Can Hope Rise in Afghanistan? Lessons Learned From Vietnam Show It Can.

The Afghans feel betrayed, understandably, just as the South Vietnamese did in 1975. Although we Americans cannot do much about that now, we can create policy measures to ensure Afghans feel differently in the future. 
Vietnam in 1972. [Raymond Depardon / Flickr]

By Kien Pham

Watching the unfolding events in Kabul has been hard for this Vietnamese American.  I was a 17-year-old Saigon boy in April 1975 when the Americans hurriedly left and South Vietnam collapsed. At the time, half of my family was inside the gate at the Tan Son Nhat Airport when a bomb exploded, and I was with the rest of my family standing outside the fence guarded by U.S. Marines. Chaos erupted, and we ran home without hope for an orderly air evacuation.

For two subsequent, years my family suffered under the punishing communist regime and lost everything. Risking the lives of 23 children, my extended family escaped on a small boat and floated on the South China Sea for over 100 days to reach freedom. 

The Afghans feel betrayed, understandably, just as the South Vietnamese did in 1975. Although we Americans cannot do much about that now, we can create policy measures to ensure Afghans feel differently in the future. 

For now, U.S. policy should focus on removing the fuse of the powder keg that our American personnel are sitting on at the Kabul airport.  We’ve all seen the desperate mobs of Afghans trying to reach the airport. The situation is extremely risky.  One or two mortar shells can turn that tense airport scene into one reminiscent of the catastrophe that exploded at the Tan Son Nhat Airport in April 1975.  

One way to defuse the current situation is to convince some senior Taliban officials to join the Americans inside the airport to protect “their national airport.”  The Taliban’s presence would lessen the risk of an incoming attack and give them a stake in keeping things peaceful.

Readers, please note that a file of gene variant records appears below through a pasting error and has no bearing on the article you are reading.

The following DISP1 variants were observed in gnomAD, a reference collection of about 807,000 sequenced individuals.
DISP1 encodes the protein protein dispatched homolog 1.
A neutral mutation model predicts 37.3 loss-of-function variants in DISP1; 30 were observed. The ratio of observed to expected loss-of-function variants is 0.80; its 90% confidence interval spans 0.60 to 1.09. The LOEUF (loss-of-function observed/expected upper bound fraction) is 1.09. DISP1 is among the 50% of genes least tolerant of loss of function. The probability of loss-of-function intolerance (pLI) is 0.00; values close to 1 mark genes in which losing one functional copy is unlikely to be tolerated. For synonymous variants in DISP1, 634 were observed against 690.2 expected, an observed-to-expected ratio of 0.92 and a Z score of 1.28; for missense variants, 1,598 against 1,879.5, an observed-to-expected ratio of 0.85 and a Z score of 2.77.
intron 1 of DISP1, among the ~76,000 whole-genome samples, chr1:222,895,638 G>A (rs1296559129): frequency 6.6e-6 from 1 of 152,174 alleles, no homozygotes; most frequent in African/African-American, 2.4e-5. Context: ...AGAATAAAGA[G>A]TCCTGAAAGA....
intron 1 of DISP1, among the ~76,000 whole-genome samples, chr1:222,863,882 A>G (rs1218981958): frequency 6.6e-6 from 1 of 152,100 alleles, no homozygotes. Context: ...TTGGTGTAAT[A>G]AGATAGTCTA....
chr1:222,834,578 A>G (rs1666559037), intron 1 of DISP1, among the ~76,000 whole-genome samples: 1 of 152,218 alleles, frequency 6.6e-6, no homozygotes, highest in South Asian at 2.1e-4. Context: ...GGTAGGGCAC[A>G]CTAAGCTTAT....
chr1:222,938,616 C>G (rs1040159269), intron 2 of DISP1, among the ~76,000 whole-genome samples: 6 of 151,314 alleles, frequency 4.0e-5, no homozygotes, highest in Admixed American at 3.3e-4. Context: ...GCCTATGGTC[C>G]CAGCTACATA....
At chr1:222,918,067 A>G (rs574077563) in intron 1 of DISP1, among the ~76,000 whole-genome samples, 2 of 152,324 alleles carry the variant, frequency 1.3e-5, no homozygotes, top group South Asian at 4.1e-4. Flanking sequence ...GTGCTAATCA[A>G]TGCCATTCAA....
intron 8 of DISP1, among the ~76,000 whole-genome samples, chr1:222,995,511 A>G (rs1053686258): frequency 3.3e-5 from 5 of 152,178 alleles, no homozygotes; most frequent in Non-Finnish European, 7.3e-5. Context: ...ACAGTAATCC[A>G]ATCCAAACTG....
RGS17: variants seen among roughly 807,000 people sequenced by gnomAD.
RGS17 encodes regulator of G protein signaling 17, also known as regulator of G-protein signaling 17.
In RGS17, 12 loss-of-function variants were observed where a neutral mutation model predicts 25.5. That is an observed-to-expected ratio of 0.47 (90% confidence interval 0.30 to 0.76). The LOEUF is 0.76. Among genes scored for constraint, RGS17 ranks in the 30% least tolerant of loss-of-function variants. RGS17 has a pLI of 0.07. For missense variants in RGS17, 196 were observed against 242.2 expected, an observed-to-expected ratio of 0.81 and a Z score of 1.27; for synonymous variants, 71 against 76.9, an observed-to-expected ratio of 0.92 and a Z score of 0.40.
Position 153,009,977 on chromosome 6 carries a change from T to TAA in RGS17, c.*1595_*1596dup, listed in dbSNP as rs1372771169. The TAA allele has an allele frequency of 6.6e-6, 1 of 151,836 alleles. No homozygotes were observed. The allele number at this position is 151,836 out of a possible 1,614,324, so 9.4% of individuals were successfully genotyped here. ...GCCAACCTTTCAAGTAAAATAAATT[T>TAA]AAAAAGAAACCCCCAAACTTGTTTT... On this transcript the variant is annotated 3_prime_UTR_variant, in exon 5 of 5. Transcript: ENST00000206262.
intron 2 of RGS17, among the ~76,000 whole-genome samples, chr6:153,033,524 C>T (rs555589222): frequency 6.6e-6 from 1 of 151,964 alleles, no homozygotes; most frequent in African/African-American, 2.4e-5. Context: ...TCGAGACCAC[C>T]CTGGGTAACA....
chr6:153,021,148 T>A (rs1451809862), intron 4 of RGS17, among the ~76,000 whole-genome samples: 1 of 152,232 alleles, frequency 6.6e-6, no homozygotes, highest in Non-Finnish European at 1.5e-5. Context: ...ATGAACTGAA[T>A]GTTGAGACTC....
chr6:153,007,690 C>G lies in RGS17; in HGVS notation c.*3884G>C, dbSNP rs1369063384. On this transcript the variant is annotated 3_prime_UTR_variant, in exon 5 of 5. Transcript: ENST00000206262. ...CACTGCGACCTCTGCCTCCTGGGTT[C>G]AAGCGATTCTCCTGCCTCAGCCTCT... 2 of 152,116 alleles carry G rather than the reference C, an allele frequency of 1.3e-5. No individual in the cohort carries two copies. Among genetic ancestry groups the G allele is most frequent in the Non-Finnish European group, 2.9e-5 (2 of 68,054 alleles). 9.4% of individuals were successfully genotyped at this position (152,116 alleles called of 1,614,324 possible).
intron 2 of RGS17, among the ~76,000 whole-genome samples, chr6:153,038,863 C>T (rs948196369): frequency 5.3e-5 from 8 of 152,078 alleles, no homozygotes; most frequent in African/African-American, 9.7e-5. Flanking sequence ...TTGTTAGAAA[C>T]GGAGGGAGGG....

Now also is the time for us to negotiate swiftly with the Taliban to keep diplomatic relations and to provide international aid. The condition for that would be that the Taliban maintain peace and safety for our military exit.

As we learned in Vietnam after 1975, it took too long for the two countries to establish normal diplomacy. The triumphant Vietnamese got drunk on their victory. The country went broke for 20 years; the Vietnamese people suffered, and traditional American interests were not served.  Much has changed in the 25 years since Vietnam and the U.S. resumed diplomatic relations.  Bilateral trade is now at $100 billion per year. The fact Vice President Kamala Harris was in Hanoi this week with vaccine help demonstrates what could be possible between Afghanistan and the United States. 

I once thought it inconceivable to deal with the Vietnamese communists, much less become their friend, but the last 25 years have taught me that authentic, caring, and confident Americans can do just that.  We had Sens. John Kerry and John McCain to lead the way on Vietnam.  We need someone with the same caliber of leadership who can quickly build a working relationship with the new ruler in Kabul. 

It is time to look ahead and double our efforts to persuade the Taliban that it is in their best interest to work with Washington so they can remain in power with the support of the Afghan people.  Some assume the Taliban cannot change.  My experience with the once-hated Vietnamese communists leads me to believe the Taliban can change under the right condition and incentives. We will have to convince them that we no longer aim for regime change in Kabul just as we had to convince Hanoi. In the long run, our national interests will be better served.

Finally, let’s welcome refugees from Afghanistan to the United States. These Afghans are our friends and supporters. We want a community of Afghan Americans to help the U.S. build bridges with Afghanistan that will endure in the future.  Let’s ask American churches to welcome them just as the faith community welcomed my family and other Vietnamese refugees. The Afghan-American community will be an asset that neither the Chinese nor Russians will have.  

Kien Pham is president of the Vietnam Foundation, a U.S. nonprofit, that provides direct education and health care support to people in Vietnam. He is a senior advisor at TPG Capital, a leading U.S. private equity firm. Mr. Pham served in the Ronald Reagan White House and at the Pentagon under the George H.W. Bush administration.

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